Labor history in the making

Oct 24 JDN 2459512

To say that these are not ordinary times would be a grave understatement. I don’t need to tell you all the ways that this interminable pandemic has changed the lives of people all around the world.

But one in particular is of notice to economists: Labor in the United States is fighting back.

Quit rates are at historic highs. Over 100,000 workers in a variety of industries are simultaneously on strike, ranging from farmworkers to nurses and freelance writers to university lecturers.

After decades of quiescence to ever-worsening working conditions, it seems that finally American workers are mad as hell and not gonna take it anymore.

It’s about time, frankly. The real question is why it took this long. Working conditions in the US have been systematically worse than the rest of the First World since at least the 1980s. It was substantially easier to get the leave I needed to attend my own wedding—in the US—after starting work in the UK than it would have been at the same kind of job in the US, because UK law requires employers to grant leave from the day they start work, while US federal law and the law in many states doesn’t require leave at all for anyone—not even people who are sick or recently gave birth.

So, why did it happen now? What changed? The pandemic threw our lives into turmoil, that much is true. But it didn’t fundamentally change the power imbalance between workers and employers. Why was that enough?

I think I know why. The shock from the pandemic didn’t have to be enough to actually change people’s minds about striking—it merely had to be enough to convince people that others would show up. It wasn’t the first-order intention “I want to strike” that changed; it was the second-order belief “Other people want to strike too”.

For a labor strike is a coordination game par excellence. If 1 person strikes, they get fired and replaced. If 2 or 3 or 10 strike, most likely the same thing. But if 10,000 strike? If 100,000 strike? Suddenly corporations have no choice but to give in.

The most important question on your mind when you are deciding whether or not to strike is not, “Do I hate my job?” but “Will my co-workers have my back?”.

Coordination games exhibit a very fascinating—and still not well-understood—phenomenon known as Schelling points. People will typically latch onto certain seemingly-arbitrary features of their choices, and do so well enough that simply having such a focal point can radically increase the level of successful coordination.

I believe that the pandemic shock was just such a Schelling point. It didn’t change most people’s working conditions all that much: though I can see why nurses in particular would be upset, it’s not clear to me that being a university lecturer is much worse now than it was a year ago. But what the pandemic did do was change everyone’s working conditions, all at once. It was a sudden shock toward work dissatisfaction that applied to almost the entire workforce.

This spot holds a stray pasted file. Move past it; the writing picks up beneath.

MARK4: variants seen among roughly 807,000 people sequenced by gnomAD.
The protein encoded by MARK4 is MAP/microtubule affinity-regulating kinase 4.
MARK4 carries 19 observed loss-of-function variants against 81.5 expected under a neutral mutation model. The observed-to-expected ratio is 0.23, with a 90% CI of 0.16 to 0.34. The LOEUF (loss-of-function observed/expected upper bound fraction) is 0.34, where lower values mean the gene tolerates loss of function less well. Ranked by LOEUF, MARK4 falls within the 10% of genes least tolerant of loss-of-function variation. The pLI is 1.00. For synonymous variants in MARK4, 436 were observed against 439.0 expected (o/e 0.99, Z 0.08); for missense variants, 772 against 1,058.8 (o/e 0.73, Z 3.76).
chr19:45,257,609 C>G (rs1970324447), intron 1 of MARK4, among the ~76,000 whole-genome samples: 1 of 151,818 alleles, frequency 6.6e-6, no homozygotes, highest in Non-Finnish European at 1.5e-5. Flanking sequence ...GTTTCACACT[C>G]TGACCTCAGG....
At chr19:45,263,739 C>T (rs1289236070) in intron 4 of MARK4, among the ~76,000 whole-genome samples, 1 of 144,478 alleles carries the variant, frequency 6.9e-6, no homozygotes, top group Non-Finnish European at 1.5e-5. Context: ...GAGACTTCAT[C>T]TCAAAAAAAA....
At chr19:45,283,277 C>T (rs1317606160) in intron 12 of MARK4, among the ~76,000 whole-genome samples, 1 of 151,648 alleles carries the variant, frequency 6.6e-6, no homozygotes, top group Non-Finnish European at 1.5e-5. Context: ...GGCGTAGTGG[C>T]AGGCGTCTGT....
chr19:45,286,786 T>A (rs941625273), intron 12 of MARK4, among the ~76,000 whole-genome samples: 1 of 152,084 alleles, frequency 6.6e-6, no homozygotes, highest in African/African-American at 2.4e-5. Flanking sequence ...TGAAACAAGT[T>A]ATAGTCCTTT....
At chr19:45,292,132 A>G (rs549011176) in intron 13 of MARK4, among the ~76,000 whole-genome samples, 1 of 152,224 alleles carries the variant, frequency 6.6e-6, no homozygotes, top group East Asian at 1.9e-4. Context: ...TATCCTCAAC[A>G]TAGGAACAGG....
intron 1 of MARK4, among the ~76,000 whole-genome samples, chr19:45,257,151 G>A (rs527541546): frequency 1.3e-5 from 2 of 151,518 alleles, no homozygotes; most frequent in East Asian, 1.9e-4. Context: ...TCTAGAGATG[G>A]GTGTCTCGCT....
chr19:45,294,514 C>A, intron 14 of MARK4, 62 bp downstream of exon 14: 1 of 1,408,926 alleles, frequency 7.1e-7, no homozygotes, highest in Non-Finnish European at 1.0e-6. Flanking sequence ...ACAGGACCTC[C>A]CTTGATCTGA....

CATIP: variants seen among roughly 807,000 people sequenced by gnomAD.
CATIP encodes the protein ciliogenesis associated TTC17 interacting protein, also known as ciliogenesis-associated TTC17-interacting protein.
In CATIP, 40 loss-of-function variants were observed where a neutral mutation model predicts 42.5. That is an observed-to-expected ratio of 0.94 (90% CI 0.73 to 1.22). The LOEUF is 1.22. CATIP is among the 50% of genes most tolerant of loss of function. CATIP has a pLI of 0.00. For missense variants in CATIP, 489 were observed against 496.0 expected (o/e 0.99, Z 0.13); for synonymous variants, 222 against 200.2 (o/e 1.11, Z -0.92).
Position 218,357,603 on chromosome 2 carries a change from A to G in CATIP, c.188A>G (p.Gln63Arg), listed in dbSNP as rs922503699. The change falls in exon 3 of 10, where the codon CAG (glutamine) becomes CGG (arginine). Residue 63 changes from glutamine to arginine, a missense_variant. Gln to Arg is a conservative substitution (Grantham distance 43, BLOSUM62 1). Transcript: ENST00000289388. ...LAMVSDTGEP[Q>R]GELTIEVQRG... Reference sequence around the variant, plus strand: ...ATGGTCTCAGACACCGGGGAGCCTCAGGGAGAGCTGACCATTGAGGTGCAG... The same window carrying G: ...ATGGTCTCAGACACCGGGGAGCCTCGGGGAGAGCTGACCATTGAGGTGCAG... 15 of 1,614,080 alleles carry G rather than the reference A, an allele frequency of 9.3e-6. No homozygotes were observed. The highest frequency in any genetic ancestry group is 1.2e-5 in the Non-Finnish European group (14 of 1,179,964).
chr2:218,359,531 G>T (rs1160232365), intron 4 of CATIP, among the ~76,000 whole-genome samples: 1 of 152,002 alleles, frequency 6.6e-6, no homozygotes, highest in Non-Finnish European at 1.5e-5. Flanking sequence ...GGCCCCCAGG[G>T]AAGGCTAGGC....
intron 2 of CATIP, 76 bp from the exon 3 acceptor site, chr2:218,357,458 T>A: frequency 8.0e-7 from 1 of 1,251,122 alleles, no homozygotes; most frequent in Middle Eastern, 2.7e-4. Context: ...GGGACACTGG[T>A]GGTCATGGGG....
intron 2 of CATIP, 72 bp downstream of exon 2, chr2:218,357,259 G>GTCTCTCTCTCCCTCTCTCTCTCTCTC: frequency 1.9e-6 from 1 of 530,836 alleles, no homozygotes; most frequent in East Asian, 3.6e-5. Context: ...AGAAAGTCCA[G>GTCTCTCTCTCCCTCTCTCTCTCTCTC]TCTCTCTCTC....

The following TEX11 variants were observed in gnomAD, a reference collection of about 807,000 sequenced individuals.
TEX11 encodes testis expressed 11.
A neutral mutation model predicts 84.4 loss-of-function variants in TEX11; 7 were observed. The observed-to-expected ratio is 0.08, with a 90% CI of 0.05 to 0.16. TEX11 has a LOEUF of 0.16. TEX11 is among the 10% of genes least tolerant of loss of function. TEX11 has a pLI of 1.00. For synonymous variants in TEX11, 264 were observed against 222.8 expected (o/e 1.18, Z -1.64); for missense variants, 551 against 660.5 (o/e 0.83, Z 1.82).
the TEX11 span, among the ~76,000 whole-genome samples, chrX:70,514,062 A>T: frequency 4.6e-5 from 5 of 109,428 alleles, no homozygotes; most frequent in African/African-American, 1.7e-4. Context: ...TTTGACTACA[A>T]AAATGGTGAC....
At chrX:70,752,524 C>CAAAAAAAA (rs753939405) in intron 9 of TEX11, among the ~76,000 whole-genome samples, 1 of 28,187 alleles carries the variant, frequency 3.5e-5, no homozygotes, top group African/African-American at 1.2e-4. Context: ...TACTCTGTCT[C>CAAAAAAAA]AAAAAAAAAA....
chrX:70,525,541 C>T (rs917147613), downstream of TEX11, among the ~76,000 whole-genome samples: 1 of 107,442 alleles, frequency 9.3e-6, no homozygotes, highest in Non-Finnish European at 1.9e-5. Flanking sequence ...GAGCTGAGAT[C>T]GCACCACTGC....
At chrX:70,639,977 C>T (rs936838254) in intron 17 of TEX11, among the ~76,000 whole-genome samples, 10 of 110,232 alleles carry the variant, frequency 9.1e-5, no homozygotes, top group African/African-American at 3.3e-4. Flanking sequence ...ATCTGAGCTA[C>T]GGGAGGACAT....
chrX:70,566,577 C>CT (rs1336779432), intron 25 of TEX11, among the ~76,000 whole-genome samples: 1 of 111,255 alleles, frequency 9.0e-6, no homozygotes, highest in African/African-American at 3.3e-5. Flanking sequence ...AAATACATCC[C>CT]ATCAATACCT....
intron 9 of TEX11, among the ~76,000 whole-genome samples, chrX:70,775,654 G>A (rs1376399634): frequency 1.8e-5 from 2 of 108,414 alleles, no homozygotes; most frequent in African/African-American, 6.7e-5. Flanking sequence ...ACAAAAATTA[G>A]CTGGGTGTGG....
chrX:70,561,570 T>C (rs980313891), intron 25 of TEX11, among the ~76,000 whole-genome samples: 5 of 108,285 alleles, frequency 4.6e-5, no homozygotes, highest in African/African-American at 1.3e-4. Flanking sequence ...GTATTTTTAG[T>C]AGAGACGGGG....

Thus, many people who were previously on the fence about striking were driven over the edge—and then this in turn made others willing to take the leap as well, suddenly confident that they would not be acting alone.

Another important feature of the pandemic shock was that it took away a lot of what people had left to lose. Consider the two following games.

Game A: You and 100 other people each separately, without communicating, decide to choose X or Y. If you all choose X, you each get $20. But if even one of you chooses Y, then everyone who chooses Y gets $1 but everyone who chooses X gets nothing.

Game B: Same as the above, except that if anyone chooses Y, everyone who chooses Y also gets nothing.

Game A is tricky, isn’t it? You want to choose X, and you’d be best off if everyone did. But can you really trust 100 other people to all choose X? Maybe you should take the safe bet and choose Y—but then, they’re thinking the same way.


Game B, on the other hand, is painfully easy: Choose X. Obviously choose X. There’s no downside, and potentially a big upside.

In terms of game theory, both games have the same two Nash equilibria: All-X and All-Y. But in the second game, I made all-X also a weak dominant strategy equilibrium, and that made all the difference.

We could run these games in the lab, and I’m pretty sure I know what we’d find: In game A, most people choose X, but some people don’t, and if you repeat the game more and more people choose Y. But in game B, almost everyone chooses X and keeps on choosing X. Maybe they don’t get unanimity every time, but they probably do get it most of the time—because why wouldn’t you choose X? (These are testable hypotheses! I could in fact run this experiment! Maybe I should?)

It’s hard to say at this point how effective these strikes will be. Surely there will be some concessions won—there are far too many workers striking for them all to get absolutely nothing. But it remains uncertain whether the concessions will be small, token changes just to break up the strikes, or serious, substantive restructuring of how work is done in the United States.

If the latter sounds overly optimistic, consider that this is basically what happened in the New Deal. Those massive—and massively successful—reforms were not generated out of nowhere; they were the result of the economic crisis of the Great Depression and substantial pressure by organized labor. We may yet see a second New Deal (a Green New Deal?) in the 2020s if labor organizations can continue putting the pressure on.

The most important thing in making such a grand effort possible is believing that it’s possible—only if enough people believe it can happen will enough people take the risk and put in the effort to make it happen. Apathy and cynicism are the most powerful weapons of the status quo.


We are witnessing history in the making. Let’s make it in the right direction.

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